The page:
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Three Ways AI Can Boost Customer-Centricity

Reflection of computer data on a woman.

While we may not be entirely out of the woods yet, we have grown familiar enough with ongoing disruption to be able to move forward and begin focusing on growth rather than simply staying afloat. For many businesses, the focus will shift to becoming more customer-centric.

While true customer-centricity must emanate from every level and department of the organization, the task of creating and delivering these types of experiences rests with sales and marketing. Artificial Intelligence (AI) can help facilitate this and enable organizations to reach this goal more easily and effectively. Let’s explore how.

Better Insights

In order to be truly customer-centric, you need to really know and understand your customer. What drives them? What really matters to them? What influences them to choose your product or service over your competitors? This is the marketer’s raison d'être. It is also one of their biggest challenges, as habits and attitudes change swiftly and often. Historically, marketers had to conduct detailed research to uncover customer requirements. But thanks to our increasingly digital behaviors, this information is now much easier to attain.

Whether we like it or not, every activity we do creates data. If we visit a website, make a purchase in a store, or interact on social platforms, we contribute to our data footprint. This information helps to paint a picture of who the customer is, what motivates them, and what their interests, attitudes and habits are. This is incredibly valuable for businesses, yet many are simply unaware as to how they can exploit the data.

Increasingly, AI has the answer. AI tools have the capability to collect, organize and categorize this data, making it more easily accessible for marketers and salespeople. Beyond cleaning up unstructured data, AI can help make sense of it. AI is able to analyze large volumes of information, detect patterns and trends, generate insights and even make recommendations. This usually happens continuously in real time, making it possible to gain the most up-to-date snapshot of the marketplace when it is needed. No human employee could possibly replicate this speed or analyze such a large volume of data in that much depth. By allowing AI to do this part of the job, the human staff is then freed up to focus on turning these insights into action through the more creative and strategic types of thinking that AI cannot yet replicate.

In my book AI Strategy for Sales and Marketing, I include some case studies of various platforms that help marketers accomplish this. For example, Brandwatch is a social listening tool that monitors the ongoing online conversation about a brand across all platforms, ranging from social to review aggregators to news sites. The platform tracks this activity looks for trends and can even assess the sentiment behind this discourse. Are your customers saying great things about your brand, or are they fed up? The tool is able to alert the marketer to potential problems and opportunities so that they can be handled accordingly. That makes the marketer more effective and helps contribute to a better brand experience for the customer.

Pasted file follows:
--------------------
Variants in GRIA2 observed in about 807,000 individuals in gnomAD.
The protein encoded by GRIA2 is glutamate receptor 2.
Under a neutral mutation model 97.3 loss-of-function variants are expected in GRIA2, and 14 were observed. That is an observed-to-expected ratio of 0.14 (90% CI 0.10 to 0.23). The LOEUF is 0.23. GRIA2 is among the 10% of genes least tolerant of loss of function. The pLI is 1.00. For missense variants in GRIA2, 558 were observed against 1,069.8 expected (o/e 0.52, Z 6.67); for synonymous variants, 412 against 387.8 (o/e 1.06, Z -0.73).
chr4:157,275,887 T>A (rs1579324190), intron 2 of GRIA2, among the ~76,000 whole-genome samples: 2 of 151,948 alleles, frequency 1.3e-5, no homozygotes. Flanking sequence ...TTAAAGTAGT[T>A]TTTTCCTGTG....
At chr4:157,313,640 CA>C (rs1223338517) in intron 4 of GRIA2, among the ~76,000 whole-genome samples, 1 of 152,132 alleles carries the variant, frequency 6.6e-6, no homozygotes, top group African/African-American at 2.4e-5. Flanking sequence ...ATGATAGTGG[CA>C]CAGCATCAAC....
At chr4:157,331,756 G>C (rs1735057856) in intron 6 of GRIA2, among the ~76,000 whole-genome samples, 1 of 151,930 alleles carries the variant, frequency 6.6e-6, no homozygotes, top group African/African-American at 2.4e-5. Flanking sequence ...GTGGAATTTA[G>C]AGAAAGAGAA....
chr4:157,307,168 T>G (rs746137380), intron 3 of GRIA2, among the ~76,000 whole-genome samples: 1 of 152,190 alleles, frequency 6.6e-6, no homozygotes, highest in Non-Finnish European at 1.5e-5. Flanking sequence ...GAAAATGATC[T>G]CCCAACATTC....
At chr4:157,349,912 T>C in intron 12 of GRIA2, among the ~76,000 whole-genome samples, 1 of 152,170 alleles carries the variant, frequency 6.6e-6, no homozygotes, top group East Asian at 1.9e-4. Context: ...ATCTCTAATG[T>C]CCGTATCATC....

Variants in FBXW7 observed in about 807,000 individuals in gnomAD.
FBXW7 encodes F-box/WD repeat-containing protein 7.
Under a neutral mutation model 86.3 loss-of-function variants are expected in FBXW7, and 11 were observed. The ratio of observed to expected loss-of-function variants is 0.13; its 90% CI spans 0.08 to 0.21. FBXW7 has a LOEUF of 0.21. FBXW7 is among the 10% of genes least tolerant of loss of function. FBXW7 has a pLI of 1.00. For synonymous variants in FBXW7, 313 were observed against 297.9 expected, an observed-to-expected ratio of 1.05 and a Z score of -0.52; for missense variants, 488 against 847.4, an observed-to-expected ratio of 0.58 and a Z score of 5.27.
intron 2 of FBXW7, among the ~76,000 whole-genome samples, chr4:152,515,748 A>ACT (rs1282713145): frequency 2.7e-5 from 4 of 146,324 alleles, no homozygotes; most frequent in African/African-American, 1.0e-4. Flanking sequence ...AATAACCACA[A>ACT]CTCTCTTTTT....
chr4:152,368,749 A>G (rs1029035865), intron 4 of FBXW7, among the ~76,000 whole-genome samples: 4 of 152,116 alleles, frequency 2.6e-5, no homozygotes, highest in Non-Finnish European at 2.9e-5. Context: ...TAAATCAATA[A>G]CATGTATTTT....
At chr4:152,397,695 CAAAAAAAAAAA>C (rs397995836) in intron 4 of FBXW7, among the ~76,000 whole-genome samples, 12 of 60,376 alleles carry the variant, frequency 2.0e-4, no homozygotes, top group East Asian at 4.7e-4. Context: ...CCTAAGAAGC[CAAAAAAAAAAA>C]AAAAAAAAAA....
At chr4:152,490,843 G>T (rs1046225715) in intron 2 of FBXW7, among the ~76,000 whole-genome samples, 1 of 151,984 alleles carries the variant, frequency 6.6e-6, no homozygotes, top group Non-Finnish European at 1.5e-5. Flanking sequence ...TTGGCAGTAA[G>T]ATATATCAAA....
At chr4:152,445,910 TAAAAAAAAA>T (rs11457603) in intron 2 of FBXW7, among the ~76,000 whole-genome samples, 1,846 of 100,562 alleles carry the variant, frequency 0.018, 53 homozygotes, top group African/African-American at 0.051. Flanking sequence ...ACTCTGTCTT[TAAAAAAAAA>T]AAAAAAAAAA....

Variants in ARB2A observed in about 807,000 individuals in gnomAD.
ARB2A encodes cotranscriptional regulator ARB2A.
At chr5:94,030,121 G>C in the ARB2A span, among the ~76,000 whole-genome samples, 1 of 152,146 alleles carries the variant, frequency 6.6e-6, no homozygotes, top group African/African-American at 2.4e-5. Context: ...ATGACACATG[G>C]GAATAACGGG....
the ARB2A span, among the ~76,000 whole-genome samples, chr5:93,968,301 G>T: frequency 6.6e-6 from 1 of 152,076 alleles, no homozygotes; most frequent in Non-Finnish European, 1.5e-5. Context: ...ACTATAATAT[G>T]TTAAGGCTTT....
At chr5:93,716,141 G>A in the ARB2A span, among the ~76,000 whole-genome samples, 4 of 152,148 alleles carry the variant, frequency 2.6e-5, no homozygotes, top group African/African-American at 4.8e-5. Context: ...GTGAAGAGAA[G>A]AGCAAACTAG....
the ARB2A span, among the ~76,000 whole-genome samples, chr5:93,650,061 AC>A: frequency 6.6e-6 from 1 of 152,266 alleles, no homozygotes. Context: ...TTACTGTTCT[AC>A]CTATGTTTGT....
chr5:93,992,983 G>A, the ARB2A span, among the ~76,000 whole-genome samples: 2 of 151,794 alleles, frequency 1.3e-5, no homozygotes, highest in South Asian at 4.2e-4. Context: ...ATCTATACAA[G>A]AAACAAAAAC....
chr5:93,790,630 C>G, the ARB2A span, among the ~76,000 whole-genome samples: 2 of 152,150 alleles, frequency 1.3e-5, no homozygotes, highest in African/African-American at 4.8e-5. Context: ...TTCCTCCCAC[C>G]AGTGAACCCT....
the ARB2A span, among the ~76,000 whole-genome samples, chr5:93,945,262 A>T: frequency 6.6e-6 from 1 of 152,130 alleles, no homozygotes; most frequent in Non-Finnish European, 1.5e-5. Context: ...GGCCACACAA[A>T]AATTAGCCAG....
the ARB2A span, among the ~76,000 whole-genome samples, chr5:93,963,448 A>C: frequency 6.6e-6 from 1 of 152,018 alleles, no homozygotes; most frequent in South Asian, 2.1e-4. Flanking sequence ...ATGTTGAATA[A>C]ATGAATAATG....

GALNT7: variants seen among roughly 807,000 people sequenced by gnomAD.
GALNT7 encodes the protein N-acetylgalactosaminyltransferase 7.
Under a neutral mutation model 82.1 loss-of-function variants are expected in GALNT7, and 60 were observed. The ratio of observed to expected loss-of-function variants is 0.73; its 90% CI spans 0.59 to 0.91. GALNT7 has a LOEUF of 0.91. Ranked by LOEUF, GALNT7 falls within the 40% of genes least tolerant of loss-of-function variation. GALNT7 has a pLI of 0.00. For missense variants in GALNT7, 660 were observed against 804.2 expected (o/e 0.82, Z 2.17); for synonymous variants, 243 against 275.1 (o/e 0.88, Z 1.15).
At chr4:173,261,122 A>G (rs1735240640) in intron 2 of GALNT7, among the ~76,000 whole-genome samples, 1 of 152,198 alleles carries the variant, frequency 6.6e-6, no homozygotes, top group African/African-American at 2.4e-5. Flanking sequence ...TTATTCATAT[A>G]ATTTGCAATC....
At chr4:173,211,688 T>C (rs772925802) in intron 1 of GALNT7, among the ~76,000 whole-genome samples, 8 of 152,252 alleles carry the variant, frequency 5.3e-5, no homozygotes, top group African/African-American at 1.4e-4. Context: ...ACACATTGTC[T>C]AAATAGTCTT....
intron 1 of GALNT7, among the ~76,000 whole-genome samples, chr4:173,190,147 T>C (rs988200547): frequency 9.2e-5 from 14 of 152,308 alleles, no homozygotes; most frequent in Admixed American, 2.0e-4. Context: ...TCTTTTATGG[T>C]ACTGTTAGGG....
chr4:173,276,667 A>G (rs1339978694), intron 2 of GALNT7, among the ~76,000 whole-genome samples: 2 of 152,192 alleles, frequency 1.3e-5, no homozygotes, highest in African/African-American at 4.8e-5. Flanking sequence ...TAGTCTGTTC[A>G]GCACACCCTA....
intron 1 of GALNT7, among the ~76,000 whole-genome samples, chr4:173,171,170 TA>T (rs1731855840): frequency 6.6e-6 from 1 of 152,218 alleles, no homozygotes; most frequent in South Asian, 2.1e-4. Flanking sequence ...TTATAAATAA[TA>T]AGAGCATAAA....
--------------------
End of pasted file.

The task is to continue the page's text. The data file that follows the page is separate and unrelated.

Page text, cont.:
Personalization at Scale

The insights AI can provide about the type of experiences customers desire is invaluable, but its ability to deliver those experiences is another real asset for marketers. Today’s consumers are aware of the fact that they are generating data, but that has created an expectation that this data will be used to enhance their experience. We are witnessing a rise in consumer demand for more tailored personalized experiences.

Normally, marketers segment their audiences and then target these groups. This usually involves some generalization, because catering to each audience member would typically be expensive and time-consuming. But astoundingly, AI makes it achievable. Many organizations across all industries are using intelligent tools in order to help tailor their customers’ experiences at scale with little to no human interaction. The use cases range from more complex activities such as providing each user with a different website experience, while others have become so commonplace that we don’t even think twice about them.

A prime example of the latter is Spotify’s selection of personalized playlists. The Spotify app interface itself looks the same for every user and every Spotify customer uses the app for the same fundamental purpose: to listen to music and/or podcasts. However, your Spotify experience will likely be completely different from that of your partner, friends, family, or colleagues who use the service. That is because the platform is highly successful at using customers’ data effectively to create totally tailored experiences. Spotify’s algorithms learn from your listening history in order to make recommendations and generate playlists of other music or artists you might enjoy. The entire streaming experience feels customized, even though at its core, the basic functions are universal.

Reinserting the Human Touch

It may seem counterintuitive but using AI can help us to reinsert human elements back into marketing, sales and other functions. As we are learning, AI is an incredible technology, but it has its limits. These tools can generate incredible insights and inform you about your customer and your business, but this is worthless without a human to put it all into perspective. Your customers are not just data; you need to be able to take the information they produce and turn it into actions and initiatives that will deliver value for them and for your business. Artificial intelligence helps to paint the picture, but human intelligence tells the story. When the two marry, the customer wins, which means you benefit too.